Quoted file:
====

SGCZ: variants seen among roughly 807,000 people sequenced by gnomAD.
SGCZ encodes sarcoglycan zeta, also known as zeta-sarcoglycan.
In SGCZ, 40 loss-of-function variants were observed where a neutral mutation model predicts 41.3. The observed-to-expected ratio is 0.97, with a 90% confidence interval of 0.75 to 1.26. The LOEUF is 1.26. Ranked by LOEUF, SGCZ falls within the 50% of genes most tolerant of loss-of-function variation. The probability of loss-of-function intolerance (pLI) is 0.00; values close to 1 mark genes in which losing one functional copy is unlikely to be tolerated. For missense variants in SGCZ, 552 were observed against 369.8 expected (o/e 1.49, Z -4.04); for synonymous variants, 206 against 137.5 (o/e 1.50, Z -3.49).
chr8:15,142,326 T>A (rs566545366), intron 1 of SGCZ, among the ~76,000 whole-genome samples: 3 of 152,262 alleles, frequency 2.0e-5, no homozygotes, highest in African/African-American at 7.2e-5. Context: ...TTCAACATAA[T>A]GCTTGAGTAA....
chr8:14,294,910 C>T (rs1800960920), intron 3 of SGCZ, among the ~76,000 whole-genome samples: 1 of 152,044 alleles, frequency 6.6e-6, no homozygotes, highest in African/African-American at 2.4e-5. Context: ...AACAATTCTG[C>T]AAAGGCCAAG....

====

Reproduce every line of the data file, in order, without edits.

SGCZ: variants seen among roughly 807,000 people sequenced by gnomAD.
SGCZ encodes sarcoglycan zeta, also known as zeta-sarcoglycan.
In SGCZ, 40 loss-of-function variants were observed where a neutral mutation model predicts 41.3. The observed-to-expected ratio is 0.97, with a 90% confidence interval of 0.75 to 1.26. The LOEUF is 1.26. Ranked by LOEUF, SGCZ falls within the 50% of genes most tolerant of loss-of-function variation. The probability of loss-of-function intolerance (pLI) is 0.00; values close to 1 mark genes in which losing one functional copy is unlikely to be tolerated. For missense variants in SGCZ, 552 were observed against 369.8 expected (o/e 1.49, Z -4.04); for synonymous variants, 206 against 137.5 (o/e 1.50, Z -3.49).
chr8:15,142,326 T>A (rs566545366), intron 1 of SGCZ, among the ~76,000 whole-genome samples: 3 of 152,262 alleles, frequency 2.0e-5, no homozygotes, highest in African/African-American at 7.2e-5. Context: ...TTCAACATAA[T>A]GCTTGAGTAA....
chr8:14,294,910 C>T (rs1800960920), intron 3 of SGCZ, among the ~76,000 whole-genome samples: 1 of 152,044 alleles, frequency 6.6e-6, no homozygotes, highest in African/African-American at 2.4e-5. Context: ...AACAATTCTG[C>T]AAAGGCCAAG....